Erdogan Is One Reason Macron Says His Job Isn’t That ‘Cool’

Updated on
  • Being president involves unpleasant tasks, Macron suggests
  • ‘I am the one who has to speak every ten days to Erdogan’

The Meteoric Rise of France's New President

French President Emmanuel Macron says his job’s not as “cool” as one might think.

After all, said the French leader, among his many chores is having to often speak with Turkish President Recep Tayyip Erdogan.

“The international stage is not really that cool, you know," Macron was quoted as saying in a lengthy interview released Thursday by French weekly Le Point. “I am the one who has to speak every 10 days to Erdogan.”

French President Emmanuel Macron and Turkish President Recep Tayyip Erdogan

Emmanuel Macron and Recep Tayyip Erdogan in Brussels on May 25, 2017.

Photographer: Eric Feferberg/AFP via Getty Images

The undiplomatic comments from Macron come soon after his recent war of words with Polish Prime Minister Beata Szydlo and show a blunter side of the French leader who has worked hard to put himself on the world stage by courting Donald Trump during the U.S. president’s visit to France in July and hosting Russian President Vladimir Putin in May.

The remarks also come as European leaders increasingly distance themselves from Erdogan, who has overseen a massive purge of civil society, media organizations and political opponents since a coup attempt against him last year. Among those Turkey has detained include a German human rights activist, an American pastor and several European journalists, including a French citizen, Loup Bureau, who’s been held for more than a month despite repeated pleas from Macron to Erdogan that he be released.

No Membership

The human rights concerns have all but snuffed out Turkey’s hopes of eventual membership in the European Union, and have begun to impact business ties. German Chancellor Angela Merkel told reporters at her annual press conference in Berlin on Tuesday that worsening relations would have an economic impact. Germany is Turkey’s biggest trading partner and was one of its largest sources of tourism income.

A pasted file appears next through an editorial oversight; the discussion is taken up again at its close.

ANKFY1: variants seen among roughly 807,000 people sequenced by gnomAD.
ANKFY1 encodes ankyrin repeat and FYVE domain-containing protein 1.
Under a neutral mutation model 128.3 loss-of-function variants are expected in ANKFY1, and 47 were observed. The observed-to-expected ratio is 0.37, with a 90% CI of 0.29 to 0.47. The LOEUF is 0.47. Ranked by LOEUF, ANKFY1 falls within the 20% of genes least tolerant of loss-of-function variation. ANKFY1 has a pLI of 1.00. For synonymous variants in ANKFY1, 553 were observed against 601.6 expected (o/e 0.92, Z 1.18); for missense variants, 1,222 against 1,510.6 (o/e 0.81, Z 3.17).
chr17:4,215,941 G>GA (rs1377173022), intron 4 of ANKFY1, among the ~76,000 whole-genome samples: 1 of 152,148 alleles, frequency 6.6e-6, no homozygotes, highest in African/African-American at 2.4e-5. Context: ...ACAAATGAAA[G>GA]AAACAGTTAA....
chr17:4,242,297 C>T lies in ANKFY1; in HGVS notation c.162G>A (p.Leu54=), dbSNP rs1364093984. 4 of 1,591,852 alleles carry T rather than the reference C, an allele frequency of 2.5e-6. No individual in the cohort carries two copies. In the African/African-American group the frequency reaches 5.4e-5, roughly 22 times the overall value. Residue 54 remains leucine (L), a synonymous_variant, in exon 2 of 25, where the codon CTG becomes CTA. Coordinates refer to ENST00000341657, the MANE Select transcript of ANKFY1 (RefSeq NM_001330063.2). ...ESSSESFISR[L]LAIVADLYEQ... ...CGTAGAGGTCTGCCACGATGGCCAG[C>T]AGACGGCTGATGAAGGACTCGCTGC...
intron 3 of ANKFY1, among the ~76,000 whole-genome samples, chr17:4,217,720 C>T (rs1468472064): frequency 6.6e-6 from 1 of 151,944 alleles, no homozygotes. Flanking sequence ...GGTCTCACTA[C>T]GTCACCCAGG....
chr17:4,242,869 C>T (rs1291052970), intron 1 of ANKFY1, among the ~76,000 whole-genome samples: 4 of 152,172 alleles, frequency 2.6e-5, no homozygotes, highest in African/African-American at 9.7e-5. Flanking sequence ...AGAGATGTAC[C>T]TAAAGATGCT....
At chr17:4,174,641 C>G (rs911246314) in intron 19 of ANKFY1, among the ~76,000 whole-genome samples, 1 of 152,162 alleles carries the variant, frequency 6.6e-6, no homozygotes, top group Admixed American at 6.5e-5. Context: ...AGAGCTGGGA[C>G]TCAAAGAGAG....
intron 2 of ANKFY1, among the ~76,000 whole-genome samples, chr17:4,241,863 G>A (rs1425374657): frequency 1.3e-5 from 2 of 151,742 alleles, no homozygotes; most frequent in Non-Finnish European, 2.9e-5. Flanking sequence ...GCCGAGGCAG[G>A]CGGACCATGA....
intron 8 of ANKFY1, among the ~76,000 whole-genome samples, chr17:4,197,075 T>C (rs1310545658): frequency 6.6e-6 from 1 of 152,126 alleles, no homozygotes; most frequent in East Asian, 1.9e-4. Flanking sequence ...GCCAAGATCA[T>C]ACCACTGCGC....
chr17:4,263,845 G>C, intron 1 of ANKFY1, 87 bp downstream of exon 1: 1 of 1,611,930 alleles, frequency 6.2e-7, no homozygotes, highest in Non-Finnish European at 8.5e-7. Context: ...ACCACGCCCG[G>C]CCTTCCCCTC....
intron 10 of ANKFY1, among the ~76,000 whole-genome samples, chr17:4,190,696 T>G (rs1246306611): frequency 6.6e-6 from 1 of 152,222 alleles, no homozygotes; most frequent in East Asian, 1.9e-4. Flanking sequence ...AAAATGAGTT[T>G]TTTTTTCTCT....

On Aug. 25, German Foreign Minister Sigmar Gabriel said that Turkey under Erdogan would never enter into serious membership talks. He accused the Turkish leader of seeking to create the impression that it was Germany that was breaking off negotiations to use it for his own political gain.

Erdogan was one of the first leaders who Macron spoke with after his election on May 7, along with Germany’s Merkel, U.K. Prime Minister Theresa May, Canadian Prime Minister Justin Trudeau and Trump. In addition to the issue of jailed French citizens, the two leaders have also discussed the situation in Syria and cooperation against terrorism.

Refugee Card

European leaders had generally been reluctant to criticize Turkey too harshly, as the EU relies on Turkey to stem the flow of Syrian refugees following a deal negotiated last year. Erdogan has repeatedly vowed to scrap the agreement, saying the EU has failed to meet its side of the bargain, which included a promise of visa-free travel for Turks to the EU and 6 billion euros ($7.25 billion) in aid.

Turkish officials have in recent days sought to play down the tensions with Europe. Erdogan has “very good” relations with Macron, the Turkish leader’s adviser Cemil Ertem said in an interview with NTV television on Thursday.

Gulnur Aybet, another adviser to the Turkish president, attributed the tensions with Germany partly to that country’s elections, and predicted that business ties would “be a huge impetus for better relations” when the voting was over.

“Turkish-German business relations are flourishing, they are very strong,” Aybet said in an interview with Bloomberg on Tuesday. The German citizens detained in Turkey are being held because of evidence linking them to a terrorist organization, she said.

— With assistance by Selcan Hacaoglu

    Before it's here, it's on the Bloomberg Terminal.